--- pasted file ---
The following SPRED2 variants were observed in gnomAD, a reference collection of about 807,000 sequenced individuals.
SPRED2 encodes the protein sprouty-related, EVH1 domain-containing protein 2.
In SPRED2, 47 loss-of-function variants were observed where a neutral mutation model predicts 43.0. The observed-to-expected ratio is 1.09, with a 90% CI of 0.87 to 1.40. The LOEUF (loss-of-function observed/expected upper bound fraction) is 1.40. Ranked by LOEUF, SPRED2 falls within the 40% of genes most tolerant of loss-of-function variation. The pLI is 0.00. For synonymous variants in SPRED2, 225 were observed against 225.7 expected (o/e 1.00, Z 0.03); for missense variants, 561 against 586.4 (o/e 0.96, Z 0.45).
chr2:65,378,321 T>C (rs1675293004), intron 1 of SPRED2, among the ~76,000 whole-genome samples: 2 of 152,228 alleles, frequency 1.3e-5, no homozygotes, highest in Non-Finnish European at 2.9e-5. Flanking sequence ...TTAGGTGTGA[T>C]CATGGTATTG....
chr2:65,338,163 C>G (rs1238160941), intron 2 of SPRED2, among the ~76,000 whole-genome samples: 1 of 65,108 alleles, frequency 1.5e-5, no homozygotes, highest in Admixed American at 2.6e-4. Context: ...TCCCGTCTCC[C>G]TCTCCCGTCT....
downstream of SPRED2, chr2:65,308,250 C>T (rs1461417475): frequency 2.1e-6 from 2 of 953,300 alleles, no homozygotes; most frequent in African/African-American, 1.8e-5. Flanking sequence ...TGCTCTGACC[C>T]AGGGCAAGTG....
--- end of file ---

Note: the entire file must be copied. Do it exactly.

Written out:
The following SPRED2 variants were observed in gnomAD, a reference collection of about 807,000 sequenced individuals.
SPRED2 encodes the protein sprouty-related, EVH1 domain-containing protein 2.
In SPRED2, 47 loss-of-function variants were observed where a neutral mutation model predicts 43.0. The observed-to-expected ratio is 1.09, with a 90% CI of 0.87 to 1.40. The LOEUF (loss-of-function observed/expected upper bound fraction) is 1.40. Ranked by LOEUF, SPRED2 falls within the 40% of genes most tolerant of loss-of-function variation. The pLI is 0.00. For synonymous variants in SPRED2, 225 were observed against 225.7 expected (o/e 1.00, Z 0.03); for missense variants, 561 against 586.4 (o/e 0.96, Z 0.45).
chr2:65,378,321 T>C (rs1675293004), intron 1 of SPRED2, among the ~76,000 whole-genome samples: 2 of 152,228 alleles, frequency 1.3e-5, no homozygotes, highest in Non-Finnish European at 2.9e-5. Flanking sequence ...TTAGGTGTGA[T>C]CATGGTATTG....
chr2:65,338,163 C>G (rs1238160941), intron 2 of SPRED2, among the ~76,000 whole-genome samples: 1 of 65,108 alleles, frequency 1.5e-5, no homozygotes, highest in Admixed American at 2.6e-4. Context: ...TCCCGTCTCC[C>G]TCTCCCGTCT....
downstream of SPRED2, chr2:65,308,250 C>T (rs1461417475): frequency 2.1e-6 from 2 of 953,300 alleles, no homozygotes; most frequent in African/African-American, 1.8e-5. Flanking sequence ...TGCTCTGACC[C>T]AGGGCAAGTG....